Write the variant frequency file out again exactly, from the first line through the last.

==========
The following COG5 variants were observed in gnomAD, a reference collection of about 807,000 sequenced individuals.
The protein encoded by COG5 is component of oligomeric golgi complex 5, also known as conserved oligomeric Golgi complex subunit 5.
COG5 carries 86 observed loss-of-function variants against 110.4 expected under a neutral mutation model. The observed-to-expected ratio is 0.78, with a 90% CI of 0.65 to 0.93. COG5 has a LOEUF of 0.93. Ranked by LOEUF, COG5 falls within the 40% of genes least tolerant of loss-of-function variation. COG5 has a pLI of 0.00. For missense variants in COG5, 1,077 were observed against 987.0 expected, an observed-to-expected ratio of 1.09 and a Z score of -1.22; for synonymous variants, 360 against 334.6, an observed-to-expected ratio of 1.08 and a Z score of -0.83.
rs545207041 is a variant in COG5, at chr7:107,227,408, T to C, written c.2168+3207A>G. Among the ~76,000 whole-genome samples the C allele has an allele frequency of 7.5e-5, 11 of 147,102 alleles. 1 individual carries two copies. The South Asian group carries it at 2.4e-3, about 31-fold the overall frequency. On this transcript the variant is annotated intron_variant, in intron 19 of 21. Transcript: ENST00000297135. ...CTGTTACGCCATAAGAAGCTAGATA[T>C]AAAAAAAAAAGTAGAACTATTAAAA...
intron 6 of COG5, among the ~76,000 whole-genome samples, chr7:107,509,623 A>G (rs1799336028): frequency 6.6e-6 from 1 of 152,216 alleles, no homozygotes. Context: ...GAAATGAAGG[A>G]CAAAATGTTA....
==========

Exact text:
The following COG5 variants were observed in gnomAD, a reference collection of about 807,000 sequenced individuals.
The protein encoded by COG5 is component of oligomeric golgi complex 5, also known as conserved oligomeric Golgi complex subunit 5.
COG5 carries 86 observed loss-of-function variants against 110.4 expected under a neutral mutation model. The observed-to-expected ratio is 0.78, with a 90% CI of 0.65 to 0.93. COG5 has a LOEUF of 0.93. Ranked by LOEUF, COG5 falls within the 40% of genes least tolerant of loss-of-function variation. COG5 has a pLI of 0.00. For missense variants in COG5, 1,077 were observed against 987.0 expected, an observed-to-expected ratio of 1.09 and a Z score of -1.22; for synonymous variants, 360 against 334.6, an observed-to-expected ratio of 1.08 and a Z score of -0.83.
rs545207041 is a variant in COG5, at chr7:107,227,408, T to C, written c.2168+3207A>G. Among the ~76,000 whole-genome samples the C allele has an allele frequency of 7.5e-5, 11 of 147,102 alleles. 1 individual carries two copies. The South Asian group carries it at 2.4e-3, about 31-fold the overall frequency. On this transcript the variant is annotated intron_variant, in intron 19 of 21. Transcript: ENST00000297135. ...CTGTTACGCCATAAGAAGCTAGATA[T>C]AAAAAAAAAAGTAGAACTATTAAAA...
intron 6 of COG5, among the ~76,000 whole-genome samples, chr7:107,509,623 A>G (rs1799336028): frequency 6.6e-6 from 1 of 152,216 alleles, no homozygotes. Context: ...GAAATGAAGG[A>G]CAAAATGTTA....